From Mrs.Kakoli Karmakar in distant America came an order for a spectacular, long jhumka, preferably with an extended jhalor. But, there were weight constraints (the jhumkas couldn't be too heavy o...
From Mrs.Kakoli Karmakar in distant America came an order for a spectacular, long jhumka, preferably with an extended jhalor. But, there were weight constraints (the jhumkas couldn't be too heavy on the ear ; tanas were out) and we were hard put to balance the operatic with a certain degree of reservation. Also, Kakoli had left to us the entire detailing once she'd chosen the design from the sketches sent her.
For hours on end, as day turned to night, we sat, thinking up the proportions, volume and infill, praying for a solution. The aspect of drama and incident became crucial and quite inseparable from the basic structure of the ornament. Textural modulations and surface embellishments alone wouldn't do. It had to be an epic, in moderation.
And then, by Mariamma's grace, we were gifted a pair of delicate little rain clouds, entirely embroidered in gold with rings and bindis, rickrack, and rows of ball beads. She came, wearing them on her ears, each held with a single open saluk-phul to her pashas whose motifs were identical to the decorations on the clouds. She smiled, unfastened the Mehuli, and gave them to us. The slumberous night awoke to the sound of rumbling thunder and streaks of lightning were seen garlanding the dark sky, celebrating the return of the Goddess to her celestial home. It began to rain ; but this was not any ordinary rain ; it was our rain ; the night-rain of our very own Mehuli.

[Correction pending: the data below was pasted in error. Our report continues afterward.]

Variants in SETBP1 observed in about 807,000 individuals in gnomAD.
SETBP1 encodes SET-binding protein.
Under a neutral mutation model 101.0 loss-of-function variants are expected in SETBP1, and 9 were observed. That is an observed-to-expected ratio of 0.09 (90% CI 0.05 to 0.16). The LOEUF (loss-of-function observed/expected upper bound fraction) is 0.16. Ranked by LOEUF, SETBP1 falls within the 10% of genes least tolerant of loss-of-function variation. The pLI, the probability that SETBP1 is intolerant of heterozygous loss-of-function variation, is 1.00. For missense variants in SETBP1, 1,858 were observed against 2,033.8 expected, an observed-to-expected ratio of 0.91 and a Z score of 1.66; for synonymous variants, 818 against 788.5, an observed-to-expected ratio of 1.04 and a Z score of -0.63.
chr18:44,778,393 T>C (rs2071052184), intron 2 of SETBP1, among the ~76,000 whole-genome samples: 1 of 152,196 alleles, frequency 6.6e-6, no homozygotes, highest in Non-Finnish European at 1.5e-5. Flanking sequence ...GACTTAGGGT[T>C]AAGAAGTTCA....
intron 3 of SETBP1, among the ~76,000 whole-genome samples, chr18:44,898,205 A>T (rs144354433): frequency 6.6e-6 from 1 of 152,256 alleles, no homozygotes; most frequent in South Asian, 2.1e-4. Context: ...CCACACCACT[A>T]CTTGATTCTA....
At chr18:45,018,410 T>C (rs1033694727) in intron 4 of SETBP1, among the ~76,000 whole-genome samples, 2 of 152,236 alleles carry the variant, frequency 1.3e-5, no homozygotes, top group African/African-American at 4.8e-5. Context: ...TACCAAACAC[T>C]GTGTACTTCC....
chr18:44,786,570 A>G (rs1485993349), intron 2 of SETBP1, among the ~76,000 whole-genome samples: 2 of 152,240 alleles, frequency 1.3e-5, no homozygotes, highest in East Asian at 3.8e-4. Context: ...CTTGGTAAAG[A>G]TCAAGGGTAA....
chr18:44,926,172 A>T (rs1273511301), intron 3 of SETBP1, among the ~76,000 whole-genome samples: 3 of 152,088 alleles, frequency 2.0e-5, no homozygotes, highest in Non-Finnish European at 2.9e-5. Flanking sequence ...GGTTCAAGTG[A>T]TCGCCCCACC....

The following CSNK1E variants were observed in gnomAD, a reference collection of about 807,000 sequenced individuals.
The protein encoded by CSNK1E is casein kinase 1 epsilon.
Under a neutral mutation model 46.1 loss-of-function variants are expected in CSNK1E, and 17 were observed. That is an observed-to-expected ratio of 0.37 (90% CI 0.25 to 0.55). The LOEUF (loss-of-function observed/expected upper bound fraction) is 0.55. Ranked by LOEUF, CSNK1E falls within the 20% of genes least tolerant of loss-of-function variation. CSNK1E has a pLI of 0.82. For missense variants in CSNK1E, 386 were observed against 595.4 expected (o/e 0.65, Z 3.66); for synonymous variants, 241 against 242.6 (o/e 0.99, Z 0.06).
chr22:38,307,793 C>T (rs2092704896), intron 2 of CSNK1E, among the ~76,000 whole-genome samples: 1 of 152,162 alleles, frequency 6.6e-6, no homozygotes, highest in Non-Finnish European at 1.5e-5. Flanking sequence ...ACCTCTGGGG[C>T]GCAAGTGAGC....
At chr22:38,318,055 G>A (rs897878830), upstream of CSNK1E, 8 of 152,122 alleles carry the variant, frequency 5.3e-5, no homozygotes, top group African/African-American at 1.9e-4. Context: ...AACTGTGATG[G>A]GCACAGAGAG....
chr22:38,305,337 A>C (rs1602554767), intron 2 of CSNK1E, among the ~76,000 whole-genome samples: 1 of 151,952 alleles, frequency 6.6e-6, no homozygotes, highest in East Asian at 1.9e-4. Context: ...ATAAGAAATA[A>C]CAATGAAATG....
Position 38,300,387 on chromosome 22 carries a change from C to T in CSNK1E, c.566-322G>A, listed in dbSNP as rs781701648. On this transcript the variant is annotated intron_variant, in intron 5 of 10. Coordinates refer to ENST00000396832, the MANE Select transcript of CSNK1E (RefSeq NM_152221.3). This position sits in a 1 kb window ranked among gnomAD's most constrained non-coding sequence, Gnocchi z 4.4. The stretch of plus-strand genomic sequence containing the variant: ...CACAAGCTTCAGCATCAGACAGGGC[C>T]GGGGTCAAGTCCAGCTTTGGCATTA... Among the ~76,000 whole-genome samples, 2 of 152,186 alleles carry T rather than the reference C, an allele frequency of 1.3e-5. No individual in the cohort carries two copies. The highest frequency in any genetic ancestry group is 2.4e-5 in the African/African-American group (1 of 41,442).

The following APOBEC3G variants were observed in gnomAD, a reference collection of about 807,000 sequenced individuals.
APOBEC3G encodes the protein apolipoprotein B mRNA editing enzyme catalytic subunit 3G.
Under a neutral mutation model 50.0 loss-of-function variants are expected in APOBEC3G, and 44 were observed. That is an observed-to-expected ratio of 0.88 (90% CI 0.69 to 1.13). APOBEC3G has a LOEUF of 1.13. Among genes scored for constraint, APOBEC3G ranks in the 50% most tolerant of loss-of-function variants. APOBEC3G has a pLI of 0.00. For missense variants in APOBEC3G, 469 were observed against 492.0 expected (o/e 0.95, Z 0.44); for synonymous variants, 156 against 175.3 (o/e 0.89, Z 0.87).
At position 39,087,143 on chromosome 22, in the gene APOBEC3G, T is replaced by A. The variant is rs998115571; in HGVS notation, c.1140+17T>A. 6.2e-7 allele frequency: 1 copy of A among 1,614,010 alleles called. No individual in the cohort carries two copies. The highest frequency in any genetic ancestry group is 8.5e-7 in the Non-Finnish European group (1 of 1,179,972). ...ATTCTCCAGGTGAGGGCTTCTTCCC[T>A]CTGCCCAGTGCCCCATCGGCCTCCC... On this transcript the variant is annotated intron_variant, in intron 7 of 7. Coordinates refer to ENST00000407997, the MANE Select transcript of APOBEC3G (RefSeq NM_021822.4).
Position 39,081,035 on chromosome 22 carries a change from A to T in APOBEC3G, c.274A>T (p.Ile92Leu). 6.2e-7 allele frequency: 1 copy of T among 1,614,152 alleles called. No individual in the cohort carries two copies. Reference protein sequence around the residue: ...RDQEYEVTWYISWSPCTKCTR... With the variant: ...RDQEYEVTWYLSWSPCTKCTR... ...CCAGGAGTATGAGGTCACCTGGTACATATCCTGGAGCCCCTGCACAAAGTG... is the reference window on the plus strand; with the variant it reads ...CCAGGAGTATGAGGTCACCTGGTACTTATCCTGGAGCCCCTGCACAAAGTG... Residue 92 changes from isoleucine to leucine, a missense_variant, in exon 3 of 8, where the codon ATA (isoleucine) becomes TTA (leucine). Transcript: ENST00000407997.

To immortalize that rapturous moment, we recreated it in the loose lengths of fine bichha chains intermittently dotted with chumkis that glitter whenever the earrings sway. A couple of split ball jhumurs at the end of each strand of golden rain weigh the chains down to prevent them tangling and emit a lovely, faint tintinnabulation that delights continually.
Handcrafted with much thought and even greater love, in pure 22K yellow gold, the jhumkas have been imparted a light gero polish to evoke a sense of ela mati wetted by nocturnal rain.
Be certain : The one who wears Mehuli, is the Goddess of Rain.